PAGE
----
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Study Guide

Sometimes we'll be asked to convert mixed numbers into improper fractions, and vice versa. Once we get the hang of it, we'll be doing it in our sleep.

Let's start by looking at mixed numbers and improper fractions visually.

This is one way to draw the mixed number : it's 2 whole circles plus another of a circle.

If we were to divide each whole circle into fourths, we could count the number of blue fourths: 4 fourths in each whole circle, and 3 fourths in the last circle. That makes 4 + 4 + 3 = 11 blue fourths in total. Shazam! is equal to .

Here's what the improper fraction looks like.

Since it takes 3 pieces to make a whole, we can make 3 whole circles with 1 piece remaining. So is really equal to .

We can also **think of mixed numbers as sums of whole numbers and fractions**. For example is really .

The number is called a mixed number because it has two parts: a whole number and a fraction mixed together. And it's coming to pieces. The question is, how many pieces? We need to know how many pieces are in the whole number and how many pieces are in the fraction.

The denominator tells us how many pieces are in a whole. Since there are 4 pieces in a whole and we have 2 wholes, there are 2 Ă— 4 or 8 pieces in the whole number part.

We've also got 3 pieces in the fraction part of . We add those to the 8 pieces from the whole number part, and that makes 8 + 3 = 11 pieces in the mixed number. Finally, we place that big ol' number on top of the unchanged denominator and presto!

We could've also thought of as the sum . Then we convert the whole number 2 to a fraction and add 'em together.

But all that was just to show you the ropes. We've got a quicker method to convert from mixed numbers to improper fractions, and we're not afraid to use it. Here are the steps and a few examples:

- Multiply the denominator by the whole number.
- To that, add the numerator.
- Place that number over the original denominator.

**Example 1**

**Example 2**

What if we've got a plain old whole number with no fraction but we want it to be a fraction? With a little fancy accessorizing and an up-do, we can totally make that whole number a fraction. Just give it a denominator of 1.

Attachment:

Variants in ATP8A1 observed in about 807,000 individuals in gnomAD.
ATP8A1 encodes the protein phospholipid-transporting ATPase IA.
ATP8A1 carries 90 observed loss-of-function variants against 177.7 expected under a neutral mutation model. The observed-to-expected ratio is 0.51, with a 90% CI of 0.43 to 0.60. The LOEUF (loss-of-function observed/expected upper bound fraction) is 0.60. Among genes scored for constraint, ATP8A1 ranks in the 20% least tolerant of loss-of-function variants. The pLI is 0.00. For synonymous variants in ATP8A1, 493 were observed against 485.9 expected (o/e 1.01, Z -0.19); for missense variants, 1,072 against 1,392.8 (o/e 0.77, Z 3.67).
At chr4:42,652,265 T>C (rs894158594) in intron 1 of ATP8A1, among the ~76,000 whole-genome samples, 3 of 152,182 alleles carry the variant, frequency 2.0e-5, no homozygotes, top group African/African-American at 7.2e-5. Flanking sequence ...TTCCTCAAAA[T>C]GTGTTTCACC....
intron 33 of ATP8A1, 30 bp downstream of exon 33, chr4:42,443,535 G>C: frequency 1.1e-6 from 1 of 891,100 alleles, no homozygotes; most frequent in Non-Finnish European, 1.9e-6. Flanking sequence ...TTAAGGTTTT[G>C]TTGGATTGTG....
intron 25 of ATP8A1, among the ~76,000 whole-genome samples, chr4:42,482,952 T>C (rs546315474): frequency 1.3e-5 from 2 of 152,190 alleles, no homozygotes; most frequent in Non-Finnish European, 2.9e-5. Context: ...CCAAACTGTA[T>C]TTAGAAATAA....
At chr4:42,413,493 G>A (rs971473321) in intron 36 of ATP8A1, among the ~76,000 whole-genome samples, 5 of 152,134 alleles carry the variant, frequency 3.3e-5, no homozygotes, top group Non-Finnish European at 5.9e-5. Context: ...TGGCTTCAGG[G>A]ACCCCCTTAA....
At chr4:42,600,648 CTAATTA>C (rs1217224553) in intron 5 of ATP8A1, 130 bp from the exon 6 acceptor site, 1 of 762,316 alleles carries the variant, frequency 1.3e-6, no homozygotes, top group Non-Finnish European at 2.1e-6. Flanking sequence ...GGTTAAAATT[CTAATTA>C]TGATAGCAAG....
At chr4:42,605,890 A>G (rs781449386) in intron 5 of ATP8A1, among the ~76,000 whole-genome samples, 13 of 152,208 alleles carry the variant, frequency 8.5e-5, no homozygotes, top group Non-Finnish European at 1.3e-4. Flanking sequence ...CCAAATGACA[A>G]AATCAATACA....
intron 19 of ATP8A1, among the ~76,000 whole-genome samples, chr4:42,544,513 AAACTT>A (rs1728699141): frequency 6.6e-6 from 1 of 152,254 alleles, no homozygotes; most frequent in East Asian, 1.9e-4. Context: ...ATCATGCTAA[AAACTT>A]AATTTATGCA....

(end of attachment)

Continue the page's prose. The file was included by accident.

Let's say a 3 walks into a spa and asks to be a fraction. The chiropractor adjusts it and gives it a denominator of 1 so it now looks like this: . Since 3 divided by 1 is still 3, we can turn any whole number into an improper fraction by just sticking a 1 in the denominator.

Now let's go backwards. To change an improper fraction into a mixed number, we need to know how many wholes we can make out of all the pieces in the numerator. Since the denominator tells us how many pieces it takes to make a whole, we can divide the numerator by the denominator. This tells us how many whole numbers we have. The remainder tells us how many pieces are left over and it becomes the numerator. The denominator doesn't change. Lucky. Here are the steps:

- Divide the denominator into the numerator.
- The result will be a whole number with a remainder. The remainder becomes the numerator of the fraction part. The denominator remains the same.

Example 1 | |

5 goes into 19 three times with a remainder of 4. | |

3 is the whole number. 4 is the numerator. 5 is the denominator, which stays the same. |

Example 2 | |

2 goes into 11 five times with a remainder of 1. | |

5 is the whole number. 1 is the numerator. The denominator stays the same. |

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